- Basis for data processing. To process data legally, it is necessary to secure an appropriate legal basis. Many times, within a game, special categories of data are processed, such as biometric data. In this regard it will be necessary to obtain the player’s voluntary and explicit consent. The principle of data minimisation should not be forgotten either: pursuant to the GDPR, the data should be adequate, relevant, and limited to what is necessary for the purposes for which they are processed.
- Marketing, profiling. Game operators should be particularly careful about using players’ data for marketing purposes. Depending on the planned activities, regardless of securing an appropriate basis in the GDPR, it may be necessary to obtain the player’s consent to direct marketing messages to them, e.g. to email them newsletters about games. It is also necessary to obtain the player’s consent to use tracking mechanisms for marketing purposes, which will track the user for example in social media.
- Transfer of personal data between the publisher or producer of a game and other entities. Often, players’ data flow between the various entities involved in creation, production and distribution of a game. This flow cannot be carried out freely, but must be properly regulated pursuant to the GDPR, particularly when it comes to transferring data outside the European Economic Area (which in practice is a standard procedure due to the global nature of many computer games).
- Automated decision-making. The GDPR introduces specific requirements to be taken into account where automated decision-making regarding a player occurs (e.g. where players are automatically suspended on suspicion of inappropriate behaviour).
- Processing children’s data. Children are the target group of many games. The GDPR contains specific regulations in this respect. Among other things, they require that messages addressed to children be formulated in simple and clear language, and in certain situations the parent’s consent to data processing must be verified.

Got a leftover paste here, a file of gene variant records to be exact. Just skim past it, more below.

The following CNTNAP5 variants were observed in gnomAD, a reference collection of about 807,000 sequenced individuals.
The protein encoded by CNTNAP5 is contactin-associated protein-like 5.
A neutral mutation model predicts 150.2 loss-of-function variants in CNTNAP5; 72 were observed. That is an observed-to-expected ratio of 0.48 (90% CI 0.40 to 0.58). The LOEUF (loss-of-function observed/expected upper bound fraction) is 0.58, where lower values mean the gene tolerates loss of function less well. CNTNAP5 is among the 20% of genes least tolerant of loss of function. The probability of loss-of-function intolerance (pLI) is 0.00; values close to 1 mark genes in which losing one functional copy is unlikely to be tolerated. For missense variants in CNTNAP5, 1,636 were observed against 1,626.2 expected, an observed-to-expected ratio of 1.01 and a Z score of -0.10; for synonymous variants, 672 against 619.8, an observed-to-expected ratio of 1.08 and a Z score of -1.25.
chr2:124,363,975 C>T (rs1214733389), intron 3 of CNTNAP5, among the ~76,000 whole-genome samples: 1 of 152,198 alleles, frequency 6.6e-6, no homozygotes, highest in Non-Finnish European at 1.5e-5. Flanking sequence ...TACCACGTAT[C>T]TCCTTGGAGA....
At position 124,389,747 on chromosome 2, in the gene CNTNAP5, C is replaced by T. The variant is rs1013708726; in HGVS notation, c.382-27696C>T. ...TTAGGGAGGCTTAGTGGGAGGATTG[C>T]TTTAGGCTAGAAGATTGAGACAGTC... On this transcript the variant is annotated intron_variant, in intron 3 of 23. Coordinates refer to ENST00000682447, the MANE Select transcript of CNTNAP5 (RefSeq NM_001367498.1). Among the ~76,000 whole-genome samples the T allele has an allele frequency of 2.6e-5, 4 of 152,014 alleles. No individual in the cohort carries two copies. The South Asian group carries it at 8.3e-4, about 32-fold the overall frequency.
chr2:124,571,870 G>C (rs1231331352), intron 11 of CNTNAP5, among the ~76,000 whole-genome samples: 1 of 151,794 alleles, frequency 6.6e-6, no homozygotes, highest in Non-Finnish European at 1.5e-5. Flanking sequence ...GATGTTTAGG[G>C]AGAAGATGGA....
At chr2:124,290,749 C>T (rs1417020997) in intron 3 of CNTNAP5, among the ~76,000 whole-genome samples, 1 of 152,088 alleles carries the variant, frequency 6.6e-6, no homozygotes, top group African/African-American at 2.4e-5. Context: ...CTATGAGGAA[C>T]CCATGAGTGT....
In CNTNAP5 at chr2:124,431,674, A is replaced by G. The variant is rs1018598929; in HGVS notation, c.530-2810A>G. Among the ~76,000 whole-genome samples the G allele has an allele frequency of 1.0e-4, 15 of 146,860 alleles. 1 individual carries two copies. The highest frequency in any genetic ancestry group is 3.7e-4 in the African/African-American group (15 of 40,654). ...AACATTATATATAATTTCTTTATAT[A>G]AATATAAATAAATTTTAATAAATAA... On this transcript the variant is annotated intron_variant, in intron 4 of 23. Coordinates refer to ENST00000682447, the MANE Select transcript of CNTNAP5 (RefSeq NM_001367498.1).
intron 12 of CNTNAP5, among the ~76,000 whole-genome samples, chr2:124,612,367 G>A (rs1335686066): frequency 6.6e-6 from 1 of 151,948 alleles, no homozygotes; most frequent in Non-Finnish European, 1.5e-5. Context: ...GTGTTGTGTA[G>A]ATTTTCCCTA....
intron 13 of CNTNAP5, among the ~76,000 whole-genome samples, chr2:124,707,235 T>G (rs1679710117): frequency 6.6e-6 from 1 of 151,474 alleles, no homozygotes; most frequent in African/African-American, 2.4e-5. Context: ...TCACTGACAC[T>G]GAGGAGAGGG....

An additional difficulty for entities from the video game industry can be that they often operate globally, offering their games to users from all over the world. Therefore, it may be necessary to also take into account local requirements for processing personal data.
So it can be a real challenge to ensure that a game is compliant with the data regulations. Undoubtedly, the first step should be a thorough analysis of data flows (what personal data will be processed, for what purpose, on what basis, to what entities the data will be transferred, whether there will be transfers outside the EEA) in connection with the functioning of the game and its distribution.
Controversy over the TikTok platform
Processing of personal data in connection with the use of mobile entertainment applications, in particular those aimed at children, is of increasing concern. The TikTok platform is an example.
Processing of a very wide range of children’s personal data by this platform has been controversial for a long time and has attracted the attention of regulators. In April 2021, the platform was sued in the UK by the former Children’s Commissioner for England (information about the lawsuit can be found on a site dedicated to this case).
Karolina Romanowska, adwokat, Employment practice, Wardyński & Partners